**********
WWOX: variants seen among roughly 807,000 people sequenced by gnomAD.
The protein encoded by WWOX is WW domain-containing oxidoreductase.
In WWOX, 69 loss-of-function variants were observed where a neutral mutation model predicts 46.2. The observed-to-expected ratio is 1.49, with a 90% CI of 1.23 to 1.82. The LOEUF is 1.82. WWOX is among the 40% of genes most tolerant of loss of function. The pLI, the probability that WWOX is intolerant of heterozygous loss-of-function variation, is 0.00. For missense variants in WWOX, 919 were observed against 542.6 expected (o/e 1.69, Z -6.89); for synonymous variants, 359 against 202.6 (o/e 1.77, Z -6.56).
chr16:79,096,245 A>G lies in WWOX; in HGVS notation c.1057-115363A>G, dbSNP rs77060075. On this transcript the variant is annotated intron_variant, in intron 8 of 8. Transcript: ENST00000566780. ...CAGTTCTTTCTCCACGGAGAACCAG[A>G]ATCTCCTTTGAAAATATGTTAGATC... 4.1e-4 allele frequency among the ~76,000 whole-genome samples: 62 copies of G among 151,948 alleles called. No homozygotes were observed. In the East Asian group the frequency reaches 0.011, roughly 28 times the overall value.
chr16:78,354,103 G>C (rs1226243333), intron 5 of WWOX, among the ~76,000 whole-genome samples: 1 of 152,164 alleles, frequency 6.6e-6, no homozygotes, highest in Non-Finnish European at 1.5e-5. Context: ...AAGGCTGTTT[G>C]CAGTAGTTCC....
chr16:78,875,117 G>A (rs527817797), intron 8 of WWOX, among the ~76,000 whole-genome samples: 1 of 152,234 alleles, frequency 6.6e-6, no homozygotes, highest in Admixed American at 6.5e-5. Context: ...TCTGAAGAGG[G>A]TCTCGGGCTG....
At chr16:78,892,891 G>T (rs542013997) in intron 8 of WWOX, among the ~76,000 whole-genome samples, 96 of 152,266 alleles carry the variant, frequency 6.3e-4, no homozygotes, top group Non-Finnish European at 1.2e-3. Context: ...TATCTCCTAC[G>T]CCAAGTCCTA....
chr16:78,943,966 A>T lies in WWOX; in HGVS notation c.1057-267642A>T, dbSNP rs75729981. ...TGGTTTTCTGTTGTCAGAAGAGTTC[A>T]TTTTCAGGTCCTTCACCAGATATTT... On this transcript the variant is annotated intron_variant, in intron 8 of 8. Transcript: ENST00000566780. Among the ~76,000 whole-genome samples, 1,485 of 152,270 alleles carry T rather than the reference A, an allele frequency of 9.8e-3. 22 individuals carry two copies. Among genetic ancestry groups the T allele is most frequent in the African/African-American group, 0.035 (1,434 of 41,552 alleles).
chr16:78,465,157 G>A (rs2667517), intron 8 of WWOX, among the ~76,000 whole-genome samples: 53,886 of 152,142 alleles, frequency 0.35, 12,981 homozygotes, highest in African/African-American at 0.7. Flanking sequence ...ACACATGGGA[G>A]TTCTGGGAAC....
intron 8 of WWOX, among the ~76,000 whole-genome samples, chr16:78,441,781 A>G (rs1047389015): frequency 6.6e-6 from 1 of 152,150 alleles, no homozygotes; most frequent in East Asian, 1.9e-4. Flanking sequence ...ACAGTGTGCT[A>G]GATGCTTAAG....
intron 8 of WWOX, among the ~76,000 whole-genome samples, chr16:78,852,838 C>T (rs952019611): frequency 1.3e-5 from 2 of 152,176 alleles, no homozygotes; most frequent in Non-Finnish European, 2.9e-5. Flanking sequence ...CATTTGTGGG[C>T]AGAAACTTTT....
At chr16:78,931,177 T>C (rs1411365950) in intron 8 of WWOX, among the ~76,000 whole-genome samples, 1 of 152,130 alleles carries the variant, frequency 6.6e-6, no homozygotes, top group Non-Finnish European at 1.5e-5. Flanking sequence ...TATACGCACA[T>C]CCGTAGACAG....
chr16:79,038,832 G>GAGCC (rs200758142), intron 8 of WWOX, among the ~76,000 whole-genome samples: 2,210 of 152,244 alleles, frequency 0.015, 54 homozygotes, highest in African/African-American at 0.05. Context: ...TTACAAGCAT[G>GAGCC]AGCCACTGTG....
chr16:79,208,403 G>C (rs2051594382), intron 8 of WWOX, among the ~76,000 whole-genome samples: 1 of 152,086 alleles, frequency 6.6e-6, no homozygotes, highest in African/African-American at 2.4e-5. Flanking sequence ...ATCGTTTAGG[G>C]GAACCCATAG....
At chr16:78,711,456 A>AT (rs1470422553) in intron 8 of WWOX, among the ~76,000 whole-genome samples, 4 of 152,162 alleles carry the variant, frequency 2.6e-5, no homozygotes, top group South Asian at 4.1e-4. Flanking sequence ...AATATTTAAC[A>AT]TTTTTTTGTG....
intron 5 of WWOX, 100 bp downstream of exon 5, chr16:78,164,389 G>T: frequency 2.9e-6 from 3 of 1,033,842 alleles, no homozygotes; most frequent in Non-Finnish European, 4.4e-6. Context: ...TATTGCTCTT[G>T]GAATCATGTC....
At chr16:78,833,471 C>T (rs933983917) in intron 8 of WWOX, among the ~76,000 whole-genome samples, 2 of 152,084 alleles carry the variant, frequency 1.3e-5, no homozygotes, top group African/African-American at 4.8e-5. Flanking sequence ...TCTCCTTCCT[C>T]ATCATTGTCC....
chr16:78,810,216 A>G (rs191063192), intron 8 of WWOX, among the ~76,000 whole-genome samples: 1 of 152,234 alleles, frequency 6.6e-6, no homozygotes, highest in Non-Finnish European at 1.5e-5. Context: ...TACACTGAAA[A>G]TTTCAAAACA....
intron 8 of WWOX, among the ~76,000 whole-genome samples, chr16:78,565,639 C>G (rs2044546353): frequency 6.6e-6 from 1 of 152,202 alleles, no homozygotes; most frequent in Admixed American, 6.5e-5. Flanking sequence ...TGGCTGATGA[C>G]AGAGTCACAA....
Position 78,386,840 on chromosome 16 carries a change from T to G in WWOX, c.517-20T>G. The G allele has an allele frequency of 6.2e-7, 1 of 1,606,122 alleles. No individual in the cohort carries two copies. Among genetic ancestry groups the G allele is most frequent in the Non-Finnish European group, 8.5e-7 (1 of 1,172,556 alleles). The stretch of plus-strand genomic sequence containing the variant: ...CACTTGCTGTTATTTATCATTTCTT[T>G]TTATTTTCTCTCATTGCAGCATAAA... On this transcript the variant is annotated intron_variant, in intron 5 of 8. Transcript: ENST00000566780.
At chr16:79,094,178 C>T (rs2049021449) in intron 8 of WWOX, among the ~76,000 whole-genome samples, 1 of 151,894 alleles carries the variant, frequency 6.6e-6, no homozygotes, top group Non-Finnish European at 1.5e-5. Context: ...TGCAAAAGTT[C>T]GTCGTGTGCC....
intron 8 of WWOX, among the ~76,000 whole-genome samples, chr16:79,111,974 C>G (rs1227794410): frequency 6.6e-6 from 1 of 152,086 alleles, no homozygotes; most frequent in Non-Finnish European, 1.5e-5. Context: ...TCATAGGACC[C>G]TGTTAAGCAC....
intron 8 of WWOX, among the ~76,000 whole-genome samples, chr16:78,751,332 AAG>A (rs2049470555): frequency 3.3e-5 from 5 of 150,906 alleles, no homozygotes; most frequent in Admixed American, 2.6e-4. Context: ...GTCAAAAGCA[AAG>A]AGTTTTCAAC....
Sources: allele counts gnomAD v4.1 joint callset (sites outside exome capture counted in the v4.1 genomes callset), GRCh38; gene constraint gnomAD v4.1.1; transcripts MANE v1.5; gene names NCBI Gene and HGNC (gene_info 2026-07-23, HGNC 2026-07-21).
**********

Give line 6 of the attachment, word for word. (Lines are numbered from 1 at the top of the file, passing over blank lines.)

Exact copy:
chr16:78,875,117 G>A (rs527817797), intron 8 of WWOX, among the ~76,000 whole-genome samples: 1 of 152,234 alleles, frequency 6.6e-6, no homozygotes, highest in Admixed American at 6.5e-5. Context: ...TCTGAAGAGG[G>A]TCTCGGGCTG....